Old Lessons of Greed

He was a nondescript man, painfully shy. In fact, some say that it was his very plainness that made people trust him.

But while he had the outward appearance of a career bookkeeper, Jerry David Dominelli had the ambition of Lee Iacocca--or perhaps Robert Vesco.

In 1979 Dominelli ended his career as a mediocre stockbroker and began selling a much hotter commodity--dreams. He sold dreams for well-to-do professionals who had watched the values of their homes skyrocket during the real-estate boom of the 1970s, dreams for people who had seen artists make millions with a single idea for a script or a song. California dreams.

By the time he pleaded guilty in a San Diego federal court Thursday to charges of tax evasion and mail and bankruptcy fraud, nothing remained of the dreams but nightmares of savings forever lost, failed businesses and bleak futures.

After 14 months of civil and criminal litigation against him, Dominelli's plea came as no surprise. But the previously unpublicized dimensions of the fraud were breathtaking. His J. David & Co. had, he said, been entrusted by 1,500 investors with $200 million, and he had misappropriated $80 million.

Instead of investing money in the international money markets, Dominelli actually ran a classic "Ponzi scheme," using money from new clients to pay old clients. The profits that he reported, as much as 6% a month, he simply made up as he went along.

J. David's clients lived all over the world, but mainly in the wealthy Southern California areas of Newport Beach, Palm Springs and, his base, La Jolla. He was aided by a small cadre of super-salesmen, but the mystique that grew up around Dominelli was probably the key selling point. The words financial genius were commonly applied to him. Every time he raised the minimum amount that it took to open an "Interbank" account, more people sent him their money. Those looking on, familiar with the volatile international currency markets where no trader goes for long without some losses, wondered how he could consistently make so much money--or whether he really was.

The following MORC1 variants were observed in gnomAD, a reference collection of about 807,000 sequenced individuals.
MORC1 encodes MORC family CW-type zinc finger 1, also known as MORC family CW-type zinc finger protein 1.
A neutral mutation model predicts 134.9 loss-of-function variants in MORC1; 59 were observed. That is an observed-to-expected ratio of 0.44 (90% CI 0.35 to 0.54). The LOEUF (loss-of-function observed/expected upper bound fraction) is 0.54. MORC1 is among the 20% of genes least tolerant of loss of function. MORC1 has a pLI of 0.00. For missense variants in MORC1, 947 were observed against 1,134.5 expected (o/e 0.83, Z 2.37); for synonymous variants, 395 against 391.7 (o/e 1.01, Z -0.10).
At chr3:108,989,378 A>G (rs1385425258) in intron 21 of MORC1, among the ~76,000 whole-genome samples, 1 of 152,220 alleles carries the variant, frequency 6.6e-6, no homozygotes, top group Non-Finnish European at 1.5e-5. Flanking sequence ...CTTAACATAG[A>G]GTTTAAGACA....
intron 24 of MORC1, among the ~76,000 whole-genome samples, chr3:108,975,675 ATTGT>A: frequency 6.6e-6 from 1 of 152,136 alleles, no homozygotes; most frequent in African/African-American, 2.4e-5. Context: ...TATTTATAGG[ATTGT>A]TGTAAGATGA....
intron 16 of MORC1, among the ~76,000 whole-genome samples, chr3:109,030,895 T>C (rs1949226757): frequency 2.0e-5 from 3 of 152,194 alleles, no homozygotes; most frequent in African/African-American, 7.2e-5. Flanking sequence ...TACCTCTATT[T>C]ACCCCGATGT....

Dominelli and his business partner and lover, former Del Mar Mayor Nancy Hoover, built credibility in San Diego by contributing hundreds of thousands of dollars to cultural and charitable groups, and were closely linked to Mayor Roger Hedgecock. They also lived like royalty--buying homes, exotic cars, racehorses and jewelry as if there were no end to their wealth. In one year, it is estimated, they spent more than $250,000 on the fledgling sport of triathlon, which they helped launch.

When word got out in February, 1984, that J. David & Co. had begun bouncing checks and failing to return investors' money, Dominelli blamed it on a paperwork problem. Even after being thrown into involuntary bankruptcy he insisted that he had been making money in Interbank, and told the court-appointed bankruptcy trustee that he had millions of dollars in European banks. That proved to be false.

Last April Dominelli defied a federal judge's order that he not leave the state, and fled to the Caribbean island of Montserrat. He said that he intended to stay there and build a new financial empire, but island officials, apparently tired of the bad publicity and hassle that he was causing, forced him to leave, and he was arrested in Miami.

When he is sentenced on June 24, he could be punished by up to 20 years in prison. Dominelli and Hoover still face charges in state court of conspiring with Hedgecock to evade the city's election law by funneling more than $360,000 into his 1983 election campaign. A jury that tried Hedgecock on the charges came within one vote of a conviction in February.

Dominelli and Hoover created a fantasy world for themselves, a Utopia where the bill never came due. Hedgecock, starry-eyed investors and the recipients of their civic largess all bought into that fantasy.

One searches the story of Dominelli and his victims for some new lessons, some new insights into human nature. But the lessons are all as old as greed itself.

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